Transfers without valuable consideration include inheritance and gifts.

For the calculation of inheritance and gift tax we should distinguish two different situations:

  • the beneficiary is domiciled in France at the transfer date or has been domiciled there for at least six of the previous ten years – duty on transfers without valuable consideration is then payable on movables and real property situated in or outside France,
  • the beneficiary is domiciled outside France – transfer duty is payable only on the French assets they received.

Inheritance and gift tax is calculated by applying a progressive or proportional scale to the amount of the net share received by each beneficiary, above the tax-free-allowance which varies depending on the degree of kinship between the parties to the transfer.

The allowances applied in case of inheritance tax are:

  • €100,000 for ascendants and children
  • €15,932 for brothers and sisters who do not fulfil the conditions for exemption from transfer duty without consideration
  • €7,967 for nephews and nieces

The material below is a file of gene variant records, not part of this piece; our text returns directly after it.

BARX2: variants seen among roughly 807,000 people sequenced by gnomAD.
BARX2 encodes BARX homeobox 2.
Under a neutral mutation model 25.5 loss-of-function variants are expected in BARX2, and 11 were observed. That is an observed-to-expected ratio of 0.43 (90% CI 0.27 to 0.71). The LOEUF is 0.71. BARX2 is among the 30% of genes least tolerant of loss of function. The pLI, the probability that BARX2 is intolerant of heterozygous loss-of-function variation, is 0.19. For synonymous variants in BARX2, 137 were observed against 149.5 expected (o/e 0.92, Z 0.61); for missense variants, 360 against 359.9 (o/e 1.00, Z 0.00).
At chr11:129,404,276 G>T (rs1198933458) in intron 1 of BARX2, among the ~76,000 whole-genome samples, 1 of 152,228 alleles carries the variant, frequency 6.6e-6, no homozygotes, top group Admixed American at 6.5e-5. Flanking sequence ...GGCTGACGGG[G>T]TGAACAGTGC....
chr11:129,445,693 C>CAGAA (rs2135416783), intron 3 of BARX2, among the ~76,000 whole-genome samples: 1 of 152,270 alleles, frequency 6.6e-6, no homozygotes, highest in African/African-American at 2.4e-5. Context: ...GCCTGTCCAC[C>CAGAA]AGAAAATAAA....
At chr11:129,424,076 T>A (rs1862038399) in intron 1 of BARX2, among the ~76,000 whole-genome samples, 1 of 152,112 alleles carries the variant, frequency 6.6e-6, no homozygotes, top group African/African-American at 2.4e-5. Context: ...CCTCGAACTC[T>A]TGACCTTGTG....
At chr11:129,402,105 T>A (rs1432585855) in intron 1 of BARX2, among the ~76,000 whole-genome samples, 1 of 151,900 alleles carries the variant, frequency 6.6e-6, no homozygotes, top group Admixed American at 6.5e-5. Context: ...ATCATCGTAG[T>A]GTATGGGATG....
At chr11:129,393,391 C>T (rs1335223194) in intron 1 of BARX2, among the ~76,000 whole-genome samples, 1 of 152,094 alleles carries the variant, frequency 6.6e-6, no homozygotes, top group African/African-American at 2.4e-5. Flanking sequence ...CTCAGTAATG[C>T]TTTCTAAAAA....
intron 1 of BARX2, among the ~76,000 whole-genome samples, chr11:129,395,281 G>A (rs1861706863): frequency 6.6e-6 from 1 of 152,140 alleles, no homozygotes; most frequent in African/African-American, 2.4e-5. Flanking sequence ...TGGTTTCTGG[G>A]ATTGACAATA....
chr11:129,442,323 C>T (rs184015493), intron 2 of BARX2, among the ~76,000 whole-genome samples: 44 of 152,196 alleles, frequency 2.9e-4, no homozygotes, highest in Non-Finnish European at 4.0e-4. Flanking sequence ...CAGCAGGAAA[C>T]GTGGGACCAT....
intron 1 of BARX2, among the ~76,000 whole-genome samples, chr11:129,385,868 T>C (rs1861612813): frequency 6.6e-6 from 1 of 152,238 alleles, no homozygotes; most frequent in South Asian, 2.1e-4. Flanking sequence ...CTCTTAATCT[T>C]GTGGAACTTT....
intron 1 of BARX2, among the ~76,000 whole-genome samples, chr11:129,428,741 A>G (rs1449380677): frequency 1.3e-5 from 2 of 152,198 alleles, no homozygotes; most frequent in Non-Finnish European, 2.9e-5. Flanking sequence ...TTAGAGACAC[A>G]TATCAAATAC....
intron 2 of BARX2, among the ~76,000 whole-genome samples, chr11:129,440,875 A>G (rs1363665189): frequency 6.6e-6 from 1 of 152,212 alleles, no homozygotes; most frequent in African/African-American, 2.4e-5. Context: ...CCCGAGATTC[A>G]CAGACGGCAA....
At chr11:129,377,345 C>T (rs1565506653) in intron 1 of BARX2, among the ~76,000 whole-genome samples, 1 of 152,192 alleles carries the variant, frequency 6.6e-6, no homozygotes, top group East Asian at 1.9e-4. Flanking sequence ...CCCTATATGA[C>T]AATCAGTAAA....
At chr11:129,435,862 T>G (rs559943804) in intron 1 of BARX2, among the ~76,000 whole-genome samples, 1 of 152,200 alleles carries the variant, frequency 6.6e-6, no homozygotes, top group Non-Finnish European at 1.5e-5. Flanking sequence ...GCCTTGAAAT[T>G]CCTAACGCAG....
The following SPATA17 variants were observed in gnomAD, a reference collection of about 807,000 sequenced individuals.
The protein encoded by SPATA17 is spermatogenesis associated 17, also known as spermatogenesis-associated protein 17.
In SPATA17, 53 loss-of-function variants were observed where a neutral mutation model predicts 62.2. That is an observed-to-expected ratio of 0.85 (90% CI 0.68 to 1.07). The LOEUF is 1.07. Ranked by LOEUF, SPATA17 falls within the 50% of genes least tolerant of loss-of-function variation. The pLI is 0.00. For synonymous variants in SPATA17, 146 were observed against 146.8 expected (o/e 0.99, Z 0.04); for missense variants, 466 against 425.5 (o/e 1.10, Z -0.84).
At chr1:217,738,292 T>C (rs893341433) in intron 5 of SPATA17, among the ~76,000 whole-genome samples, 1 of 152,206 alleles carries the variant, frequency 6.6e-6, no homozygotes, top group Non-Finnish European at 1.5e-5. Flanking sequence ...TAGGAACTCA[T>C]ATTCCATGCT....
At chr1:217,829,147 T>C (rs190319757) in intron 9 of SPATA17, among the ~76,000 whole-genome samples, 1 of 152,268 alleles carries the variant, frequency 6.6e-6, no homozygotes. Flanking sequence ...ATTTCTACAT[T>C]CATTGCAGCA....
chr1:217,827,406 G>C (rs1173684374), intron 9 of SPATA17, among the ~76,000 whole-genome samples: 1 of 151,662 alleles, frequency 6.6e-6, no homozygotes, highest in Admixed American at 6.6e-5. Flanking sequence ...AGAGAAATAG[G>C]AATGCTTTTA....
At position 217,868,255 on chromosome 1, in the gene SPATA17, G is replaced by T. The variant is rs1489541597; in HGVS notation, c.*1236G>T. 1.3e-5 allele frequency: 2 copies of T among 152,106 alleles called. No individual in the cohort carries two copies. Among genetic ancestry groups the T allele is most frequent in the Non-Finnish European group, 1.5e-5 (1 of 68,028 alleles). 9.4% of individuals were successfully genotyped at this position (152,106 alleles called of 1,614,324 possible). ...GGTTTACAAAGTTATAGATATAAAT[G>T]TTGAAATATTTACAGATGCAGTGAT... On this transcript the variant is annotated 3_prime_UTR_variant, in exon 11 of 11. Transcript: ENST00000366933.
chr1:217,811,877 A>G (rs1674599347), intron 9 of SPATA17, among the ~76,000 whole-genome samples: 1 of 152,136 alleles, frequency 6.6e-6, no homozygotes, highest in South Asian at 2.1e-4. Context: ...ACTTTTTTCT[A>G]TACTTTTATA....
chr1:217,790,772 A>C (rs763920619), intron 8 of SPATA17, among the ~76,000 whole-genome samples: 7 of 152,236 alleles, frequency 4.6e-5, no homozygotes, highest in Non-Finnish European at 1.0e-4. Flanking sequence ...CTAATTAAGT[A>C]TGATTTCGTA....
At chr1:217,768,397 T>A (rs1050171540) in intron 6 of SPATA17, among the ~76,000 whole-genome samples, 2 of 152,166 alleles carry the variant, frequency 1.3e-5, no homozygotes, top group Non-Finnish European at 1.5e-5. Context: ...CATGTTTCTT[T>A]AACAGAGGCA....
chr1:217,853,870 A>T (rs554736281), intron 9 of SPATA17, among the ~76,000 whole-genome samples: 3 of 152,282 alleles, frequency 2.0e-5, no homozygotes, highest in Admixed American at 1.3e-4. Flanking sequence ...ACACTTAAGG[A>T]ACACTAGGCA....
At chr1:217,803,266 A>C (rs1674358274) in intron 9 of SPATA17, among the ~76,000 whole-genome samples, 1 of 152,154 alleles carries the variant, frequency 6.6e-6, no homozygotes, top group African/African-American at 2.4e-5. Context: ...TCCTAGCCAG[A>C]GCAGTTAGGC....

The inheritance between spouses is exempt from the tax as well as between siblings on certain conditions.

In the case of a gift, the relief is set at:

  • €80,724 for donations between spouses and partners of a PACS
  • €31,865 for gifts by grandparents to their grandchildren
  • €5,310 for gifts from great-grandparents to great-grandchildren

There are several different scales.

For example: Scale applicable in 2016 to transfers (inheritance or gift) between parents and children (after the deducting the tax-free-allowance):

 Fraction of net taxable part Rate (%)
 Up to €8,072 5
Between €8,072 and €12,109 10
Between €12,109 and €15,932 15
Between €15,932 and €552,324 20
Between €552,324 and €902,838 30
Between €902,838 and €1,805,677 40
Over €1,805,677 50